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September 14, 2023 02:33 PM UTC

A Few Words on The Partial Redemption of Mitt Romney

  • 9 Comments
  • by: Colorado Pols
Mitt Romney, seen here kissing the ring of Donald Trump in 2016 in a failed bid to become Secretary of State.

As the Washington Post reported yesterday, Sen. Mitt Romney of Utah, who came to be loved more by Democrats than his own party after turning vociferously against Donald Trump’s supervillain presidency, will not run for re-election in 2024:

Romney, elected to the Senate in 2018 with 63 percent of the vote, said he will serve out the duration of his term, which ends in January 2025. His decision not to seek reelection next year is likely to mark the end of a political career that has been notable, especially in the Trump era, for independence and a willingness to stand up against the base of his party that has shifted dramatically in Trump’s direction in the decade since Romney was its standard-bearer.

From the time Trump first became a candidate until today, Romney has been among his most outspoken critics, and nothing about his departure is expected to change that. In the weeks before Trump’s 2017 inauguration, Romney publicly acquiesced, expressing hope for the president-elect’s leadership while he was under consideration to be secretary of state. But his turnabout was short-lived…

Democrats who learned to revile Mitt Romney during his meanspirited run for president in 2012 against Barack Obama were forced to re-evaluate their blanket disdain as Romney became one of Trump’s most intractable and effective Republican critics. Romney’s vote to convict Trump during Trump’s first impeachment trial in 2020 was an incredibly gutsy move that helped affirm the legitimacy of the whole effort. In 2021, Romney was joined by six other Republicans voting to convict Trump for inciting the January 6th insurrection.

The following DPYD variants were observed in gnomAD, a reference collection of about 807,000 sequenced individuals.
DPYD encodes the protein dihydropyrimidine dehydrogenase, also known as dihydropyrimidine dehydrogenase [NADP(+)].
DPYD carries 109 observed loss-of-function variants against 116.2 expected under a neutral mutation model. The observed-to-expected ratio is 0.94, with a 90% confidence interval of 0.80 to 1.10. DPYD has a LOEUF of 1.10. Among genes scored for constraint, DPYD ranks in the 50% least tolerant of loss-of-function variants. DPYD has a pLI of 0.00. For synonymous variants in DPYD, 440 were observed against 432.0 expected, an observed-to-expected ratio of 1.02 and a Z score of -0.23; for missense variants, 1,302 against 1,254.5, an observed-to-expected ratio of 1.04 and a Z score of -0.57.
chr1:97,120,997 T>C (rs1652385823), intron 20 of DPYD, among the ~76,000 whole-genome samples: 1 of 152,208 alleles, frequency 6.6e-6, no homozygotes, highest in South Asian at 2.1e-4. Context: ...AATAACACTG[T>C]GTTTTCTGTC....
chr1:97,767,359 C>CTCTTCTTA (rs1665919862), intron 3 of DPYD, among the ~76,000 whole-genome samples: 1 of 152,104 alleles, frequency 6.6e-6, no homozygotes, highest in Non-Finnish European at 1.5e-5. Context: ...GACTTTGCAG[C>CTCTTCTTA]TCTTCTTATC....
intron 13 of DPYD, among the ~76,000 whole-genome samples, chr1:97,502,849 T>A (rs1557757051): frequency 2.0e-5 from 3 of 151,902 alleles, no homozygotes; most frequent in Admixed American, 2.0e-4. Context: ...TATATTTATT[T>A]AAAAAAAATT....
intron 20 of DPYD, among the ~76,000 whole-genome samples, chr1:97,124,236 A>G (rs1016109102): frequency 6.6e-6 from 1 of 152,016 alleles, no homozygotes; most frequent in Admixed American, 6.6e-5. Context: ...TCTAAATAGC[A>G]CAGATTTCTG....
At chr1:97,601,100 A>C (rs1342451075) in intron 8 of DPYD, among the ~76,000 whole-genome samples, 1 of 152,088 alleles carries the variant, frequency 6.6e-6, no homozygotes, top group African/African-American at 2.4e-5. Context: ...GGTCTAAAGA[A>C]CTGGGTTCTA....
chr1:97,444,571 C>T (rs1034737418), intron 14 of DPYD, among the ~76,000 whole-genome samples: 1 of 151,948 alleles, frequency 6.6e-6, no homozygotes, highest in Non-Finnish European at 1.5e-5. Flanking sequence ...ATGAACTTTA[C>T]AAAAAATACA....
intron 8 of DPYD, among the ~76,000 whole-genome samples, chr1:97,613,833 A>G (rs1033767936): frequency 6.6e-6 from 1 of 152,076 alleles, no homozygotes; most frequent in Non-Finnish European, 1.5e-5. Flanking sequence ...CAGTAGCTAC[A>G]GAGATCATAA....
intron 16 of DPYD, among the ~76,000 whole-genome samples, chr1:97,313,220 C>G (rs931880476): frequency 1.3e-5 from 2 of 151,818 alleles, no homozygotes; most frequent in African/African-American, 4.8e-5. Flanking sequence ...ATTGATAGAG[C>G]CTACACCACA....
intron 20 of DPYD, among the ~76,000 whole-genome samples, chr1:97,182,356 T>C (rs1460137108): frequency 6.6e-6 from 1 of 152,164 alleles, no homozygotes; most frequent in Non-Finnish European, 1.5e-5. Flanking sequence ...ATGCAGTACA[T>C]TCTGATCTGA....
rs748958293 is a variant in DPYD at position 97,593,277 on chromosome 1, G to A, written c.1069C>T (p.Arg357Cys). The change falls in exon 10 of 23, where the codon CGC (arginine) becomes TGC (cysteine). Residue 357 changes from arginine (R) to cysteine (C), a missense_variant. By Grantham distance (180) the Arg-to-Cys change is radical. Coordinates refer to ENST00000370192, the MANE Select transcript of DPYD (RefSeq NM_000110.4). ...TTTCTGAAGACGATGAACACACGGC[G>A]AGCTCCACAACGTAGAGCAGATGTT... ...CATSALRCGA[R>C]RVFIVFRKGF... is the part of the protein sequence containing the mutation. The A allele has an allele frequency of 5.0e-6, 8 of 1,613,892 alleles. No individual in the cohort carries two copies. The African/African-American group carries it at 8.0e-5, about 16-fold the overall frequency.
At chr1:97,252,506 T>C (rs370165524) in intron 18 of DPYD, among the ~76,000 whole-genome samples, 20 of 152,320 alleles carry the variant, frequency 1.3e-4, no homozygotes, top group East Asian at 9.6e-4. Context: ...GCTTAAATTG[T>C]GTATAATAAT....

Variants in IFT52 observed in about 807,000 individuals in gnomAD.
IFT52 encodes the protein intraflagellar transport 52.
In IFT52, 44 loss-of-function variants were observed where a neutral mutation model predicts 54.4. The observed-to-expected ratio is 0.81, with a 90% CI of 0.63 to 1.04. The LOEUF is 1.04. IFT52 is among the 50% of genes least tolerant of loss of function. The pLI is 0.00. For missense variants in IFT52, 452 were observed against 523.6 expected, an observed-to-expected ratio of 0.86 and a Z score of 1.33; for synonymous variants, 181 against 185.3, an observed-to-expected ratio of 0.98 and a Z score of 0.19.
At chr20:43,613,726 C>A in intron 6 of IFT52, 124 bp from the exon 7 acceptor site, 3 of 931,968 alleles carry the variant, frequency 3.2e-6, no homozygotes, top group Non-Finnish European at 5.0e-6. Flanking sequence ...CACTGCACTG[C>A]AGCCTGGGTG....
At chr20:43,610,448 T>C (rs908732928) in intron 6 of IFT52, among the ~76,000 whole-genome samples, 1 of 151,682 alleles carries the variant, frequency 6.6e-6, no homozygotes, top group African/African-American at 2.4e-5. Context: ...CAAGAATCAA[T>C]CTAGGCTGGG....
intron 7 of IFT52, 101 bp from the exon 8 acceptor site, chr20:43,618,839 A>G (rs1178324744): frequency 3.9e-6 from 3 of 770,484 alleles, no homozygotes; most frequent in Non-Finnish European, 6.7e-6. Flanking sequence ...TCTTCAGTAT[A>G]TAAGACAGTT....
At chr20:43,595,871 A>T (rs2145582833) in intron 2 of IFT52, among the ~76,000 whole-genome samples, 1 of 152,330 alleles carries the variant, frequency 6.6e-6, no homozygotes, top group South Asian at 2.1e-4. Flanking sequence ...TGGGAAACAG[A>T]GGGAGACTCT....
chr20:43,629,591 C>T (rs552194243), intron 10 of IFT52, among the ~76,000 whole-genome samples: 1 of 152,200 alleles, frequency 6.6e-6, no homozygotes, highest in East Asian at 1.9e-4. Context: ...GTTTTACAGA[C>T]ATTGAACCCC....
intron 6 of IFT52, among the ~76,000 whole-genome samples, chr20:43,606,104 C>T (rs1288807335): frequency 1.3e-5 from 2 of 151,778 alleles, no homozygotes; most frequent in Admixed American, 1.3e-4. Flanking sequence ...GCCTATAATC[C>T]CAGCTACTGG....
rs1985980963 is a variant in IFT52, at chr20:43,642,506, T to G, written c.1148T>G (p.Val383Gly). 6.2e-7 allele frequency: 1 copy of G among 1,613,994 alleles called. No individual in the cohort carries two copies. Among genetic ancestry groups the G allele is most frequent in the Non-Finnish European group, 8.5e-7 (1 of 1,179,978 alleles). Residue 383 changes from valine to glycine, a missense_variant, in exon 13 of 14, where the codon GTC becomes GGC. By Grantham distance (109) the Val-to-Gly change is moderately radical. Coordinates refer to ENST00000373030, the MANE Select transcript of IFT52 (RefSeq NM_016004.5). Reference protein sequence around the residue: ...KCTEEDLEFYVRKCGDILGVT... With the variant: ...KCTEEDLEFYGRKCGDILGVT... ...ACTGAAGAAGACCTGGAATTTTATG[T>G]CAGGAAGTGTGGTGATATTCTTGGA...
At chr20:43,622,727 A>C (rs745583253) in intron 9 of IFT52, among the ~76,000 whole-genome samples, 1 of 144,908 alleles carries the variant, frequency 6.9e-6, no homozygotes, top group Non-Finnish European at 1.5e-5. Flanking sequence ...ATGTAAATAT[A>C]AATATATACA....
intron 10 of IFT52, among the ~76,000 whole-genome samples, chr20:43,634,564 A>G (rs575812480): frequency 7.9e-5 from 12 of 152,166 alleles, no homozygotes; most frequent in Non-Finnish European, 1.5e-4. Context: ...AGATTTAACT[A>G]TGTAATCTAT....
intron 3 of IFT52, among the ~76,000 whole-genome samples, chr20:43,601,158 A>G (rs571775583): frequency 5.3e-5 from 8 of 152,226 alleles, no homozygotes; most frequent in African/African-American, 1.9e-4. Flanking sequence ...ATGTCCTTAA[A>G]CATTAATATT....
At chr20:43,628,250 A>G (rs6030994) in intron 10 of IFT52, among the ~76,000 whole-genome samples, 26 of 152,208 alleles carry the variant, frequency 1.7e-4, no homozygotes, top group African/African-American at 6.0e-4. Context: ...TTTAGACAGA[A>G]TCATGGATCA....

On a policy level, however, there’s much less praise to shower on Romney’s legacy. Romney was no help to Democrats in passing major priorities like the Inflation Reduction Act, and Romney voted for Amy Coney Barrett to solidify the new right-wing U.S. Supreme Court majority today wreaking havoc on decades of civil rights progress. Romney will always be remembered as the presidential candidate who in 2012 wrote off 47% of Americans “who are dependent on government,” flat-out saying “my job is not to worry about those people.”

Like former Rep. Liz Cheney, Mitt Romney’s sole redemption before the judgment of history is that he would not join Donald Trump’s cult of personality. This increasingly set Romney at odds with the prevalent direction of his party, and it’s likely that in Romney would have faced a spirited MAGA primary challenger–and based on that, Trump will of course claim victory. It’s ironic that Romney’s better angels only made themselves apparent after an even worse rich Republican ran for President.

For helping hold the line against Trump’s assault on American democracy, Mitt Romney gets his share of credit.

And whoever the voters of Utah elect next will probably make us miss Romney more.

Comments

9 thoughts on “A Few Words on The Partial Redemption of Mitt Romney

    1. Poor Seamus!

      Gail Collins at the NY Times cannot mention Mitt Romney w/out working that dog into whatever it is Collins has to say about Mittens.